Astronomy Picture Of the Day (APOD)Phases of the Moon
Look at the Moon every night and its visible sunlit portion gradually changes. In phases progressing from New Moon to Full Moon to New Moon again, a lunar cycle or lunation is completed in about 29.5 days.
Horsehead: A Wider View
Combined image data from the massive, ground-based VISTA telescope and the Hubble Space Telescope was used to create this wide perspective of the interstellar landscape surrounding the famous Horsehead Nebula. Captured at near-infrared wavelengths...
Cyclones at Jupiter s North Pole
Juno's Jovian Infrared Auroral Mapper data was used to construct this stunning view of cyclones at Jupiter's North Pole. Measuring the thermal emission from Jovian cloud tops, the infrared the observations are not restricted to the hemisphere illuminated by sunlight.
Arcs, Jets, and Shocks near NGC 1999
This tantalizing array of nebulas and stars can be found about two degrees south of the famous star-forming Orion Nebula. The region abounds with energetic young stars producing jets and outflows that push through the surrounding material at speeds of hundreds of kilometers per second.
Colorful Airglow Bands Surround Milky Way
Why would the sky glow like a giant repeating rainbow? Airglow. Now air glows all of the time, but it is usually hard to see. A disturbance however -- like an approaching storm -- may cause noticeable rippling in the Earth's atmosphere.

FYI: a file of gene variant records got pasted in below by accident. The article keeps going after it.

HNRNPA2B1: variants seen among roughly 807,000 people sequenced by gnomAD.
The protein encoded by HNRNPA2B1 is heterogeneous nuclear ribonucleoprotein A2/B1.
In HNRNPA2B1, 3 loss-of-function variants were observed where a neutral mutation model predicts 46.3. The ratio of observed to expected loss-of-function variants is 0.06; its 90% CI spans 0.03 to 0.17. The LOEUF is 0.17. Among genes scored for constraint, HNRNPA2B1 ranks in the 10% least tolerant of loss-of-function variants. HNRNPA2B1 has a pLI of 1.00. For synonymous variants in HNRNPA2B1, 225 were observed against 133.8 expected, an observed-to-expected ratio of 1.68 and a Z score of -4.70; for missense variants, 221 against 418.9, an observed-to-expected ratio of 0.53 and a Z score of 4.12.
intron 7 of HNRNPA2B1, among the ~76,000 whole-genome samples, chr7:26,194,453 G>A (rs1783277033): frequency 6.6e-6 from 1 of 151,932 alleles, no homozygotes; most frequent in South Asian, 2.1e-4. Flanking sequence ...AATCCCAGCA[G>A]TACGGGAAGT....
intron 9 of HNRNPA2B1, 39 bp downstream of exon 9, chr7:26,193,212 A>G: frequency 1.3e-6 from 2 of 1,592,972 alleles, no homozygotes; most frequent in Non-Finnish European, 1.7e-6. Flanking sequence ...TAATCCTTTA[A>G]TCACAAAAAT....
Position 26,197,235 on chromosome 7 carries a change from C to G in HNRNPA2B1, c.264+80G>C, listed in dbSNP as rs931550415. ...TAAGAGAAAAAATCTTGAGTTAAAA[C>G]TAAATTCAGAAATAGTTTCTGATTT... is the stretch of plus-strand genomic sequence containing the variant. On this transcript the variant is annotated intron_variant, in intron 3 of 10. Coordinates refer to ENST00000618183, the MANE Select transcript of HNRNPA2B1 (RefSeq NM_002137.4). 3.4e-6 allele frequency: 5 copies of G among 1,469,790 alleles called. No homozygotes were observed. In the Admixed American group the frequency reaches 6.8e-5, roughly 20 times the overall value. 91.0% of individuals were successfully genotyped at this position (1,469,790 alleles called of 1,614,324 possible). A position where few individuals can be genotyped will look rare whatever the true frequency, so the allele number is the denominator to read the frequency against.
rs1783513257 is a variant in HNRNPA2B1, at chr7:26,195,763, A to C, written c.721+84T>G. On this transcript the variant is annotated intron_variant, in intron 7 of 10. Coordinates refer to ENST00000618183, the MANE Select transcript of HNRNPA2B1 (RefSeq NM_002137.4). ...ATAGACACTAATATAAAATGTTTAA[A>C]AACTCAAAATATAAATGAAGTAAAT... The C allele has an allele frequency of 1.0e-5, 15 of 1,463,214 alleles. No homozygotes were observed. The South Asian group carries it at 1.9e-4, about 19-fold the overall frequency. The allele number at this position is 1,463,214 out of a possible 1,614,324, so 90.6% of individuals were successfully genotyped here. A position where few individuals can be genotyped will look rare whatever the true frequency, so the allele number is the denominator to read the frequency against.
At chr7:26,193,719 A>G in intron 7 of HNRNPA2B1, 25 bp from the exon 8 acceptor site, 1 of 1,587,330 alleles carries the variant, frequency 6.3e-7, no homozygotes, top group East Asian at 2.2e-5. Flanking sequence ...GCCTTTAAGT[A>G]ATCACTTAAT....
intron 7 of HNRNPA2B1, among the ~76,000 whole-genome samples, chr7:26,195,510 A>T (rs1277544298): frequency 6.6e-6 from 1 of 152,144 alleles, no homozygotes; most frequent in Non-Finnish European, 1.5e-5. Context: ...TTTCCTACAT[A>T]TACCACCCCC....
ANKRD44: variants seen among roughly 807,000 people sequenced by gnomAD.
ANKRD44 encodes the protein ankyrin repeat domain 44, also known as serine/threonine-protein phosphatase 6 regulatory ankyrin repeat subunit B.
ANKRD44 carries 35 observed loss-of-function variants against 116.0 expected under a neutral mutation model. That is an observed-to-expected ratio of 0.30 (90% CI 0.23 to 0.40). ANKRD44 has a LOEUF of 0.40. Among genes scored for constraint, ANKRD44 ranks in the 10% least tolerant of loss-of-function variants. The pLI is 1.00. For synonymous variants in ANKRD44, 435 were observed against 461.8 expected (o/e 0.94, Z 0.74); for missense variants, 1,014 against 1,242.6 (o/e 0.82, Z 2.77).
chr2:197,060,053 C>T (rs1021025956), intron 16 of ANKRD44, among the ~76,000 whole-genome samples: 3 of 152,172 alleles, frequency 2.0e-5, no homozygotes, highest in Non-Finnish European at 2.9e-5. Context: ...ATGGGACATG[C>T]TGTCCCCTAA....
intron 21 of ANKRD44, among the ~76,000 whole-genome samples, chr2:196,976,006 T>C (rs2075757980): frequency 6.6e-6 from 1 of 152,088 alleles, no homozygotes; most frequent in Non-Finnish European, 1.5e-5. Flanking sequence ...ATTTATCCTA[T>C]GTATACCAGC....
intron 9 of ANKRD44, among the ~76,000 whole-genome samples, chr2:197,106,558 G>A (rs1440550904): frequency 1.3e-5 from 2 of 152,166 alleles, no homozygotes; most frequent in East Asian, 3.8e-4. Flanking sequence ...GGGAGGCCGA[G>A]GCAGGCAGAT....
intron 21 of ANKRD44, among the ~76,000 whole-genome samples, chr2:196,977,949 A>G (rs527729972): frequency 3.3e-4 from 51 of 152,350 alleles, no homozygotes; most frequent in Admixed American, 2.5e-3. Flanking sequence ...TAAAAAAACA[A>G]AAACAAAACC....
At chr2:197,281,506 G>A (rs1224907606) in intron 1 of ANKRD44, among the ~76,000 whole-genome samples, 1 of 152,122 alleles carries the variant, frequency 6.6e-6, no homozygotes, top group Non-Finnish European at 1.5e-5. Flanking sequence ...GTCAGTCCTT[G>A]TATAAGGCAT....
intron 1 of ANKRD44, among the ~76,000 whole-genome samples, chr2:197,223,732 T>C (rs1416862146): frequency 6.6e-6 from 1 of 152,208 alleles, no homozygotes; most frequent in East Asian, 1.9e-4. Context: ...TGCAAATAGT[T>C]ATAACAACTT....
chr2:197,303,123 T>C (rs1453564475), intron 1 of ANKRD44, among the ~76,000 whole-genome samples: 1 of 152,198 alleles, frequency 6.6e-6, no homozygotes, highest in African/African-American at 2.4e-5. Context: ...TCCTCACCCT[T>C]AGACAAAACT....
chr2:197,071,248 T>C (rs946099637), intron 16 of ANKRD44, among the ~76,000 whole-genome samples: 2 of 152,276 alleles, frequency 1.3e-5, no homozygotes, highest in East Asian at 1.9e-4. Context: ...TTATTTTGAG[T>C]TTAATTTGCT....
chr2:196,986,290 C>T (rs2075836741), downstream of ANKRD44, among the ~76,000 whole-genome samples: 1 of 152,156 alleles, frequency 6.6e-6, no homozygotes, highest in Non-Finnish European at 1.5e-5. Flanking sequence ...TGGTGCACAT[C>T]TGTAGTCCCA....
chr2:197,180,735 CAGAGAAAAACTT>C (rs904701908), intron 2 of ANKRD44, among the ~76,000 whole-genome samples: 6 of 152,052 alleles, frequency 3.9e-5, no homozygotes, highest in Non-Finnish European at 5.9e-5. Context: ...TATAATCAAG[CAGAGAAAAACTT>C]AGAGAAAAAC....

The Hubble Ultra Deep Field in Light and Sound
Have you heard about the Hubble Ultra-Deep Field? Either way, you've likely not heard about it like this -- please run your pointer over the featured image and listen! The Hubble Ultra-Deep Field (HUDF)...
Clouds, Birds, Moon, Venus
Sometimes the sky above can become quite a show. In early September of 2010, for example, the Moon and Venus converged, creating quite a sight by itself for sky enthusiasts around the globe. From some locations, though, the sky was even more picturesque.
Southwest Mare Fecunditatis
Frank Borman, James Lovell, and William Anders journeyed from Earth to the Moon and back again in December of 1968. From lunar orbit, their view of craters in southwest Mare Fecunditatis is featured in this stereo anaglyph, best experienced from armchairs on planet Earth with red/blue glasses.
Alborz Mountain Star Trails
Colourful star trails arc through the night in this wide-angle mountain and skyscape. From a rotating planet, the digitally added consecutive exposures were made with a camera fixed to a tripod and looking south, over northern Iran's Alborz Mountain range.
The Lunar X
The striking X in this lunarscape is easily visible in binoculars or a small telescope, but not too many have seen it. The catch is, this lunar X is fleeting and only apparent in the hours before the Moon's first quarter phase.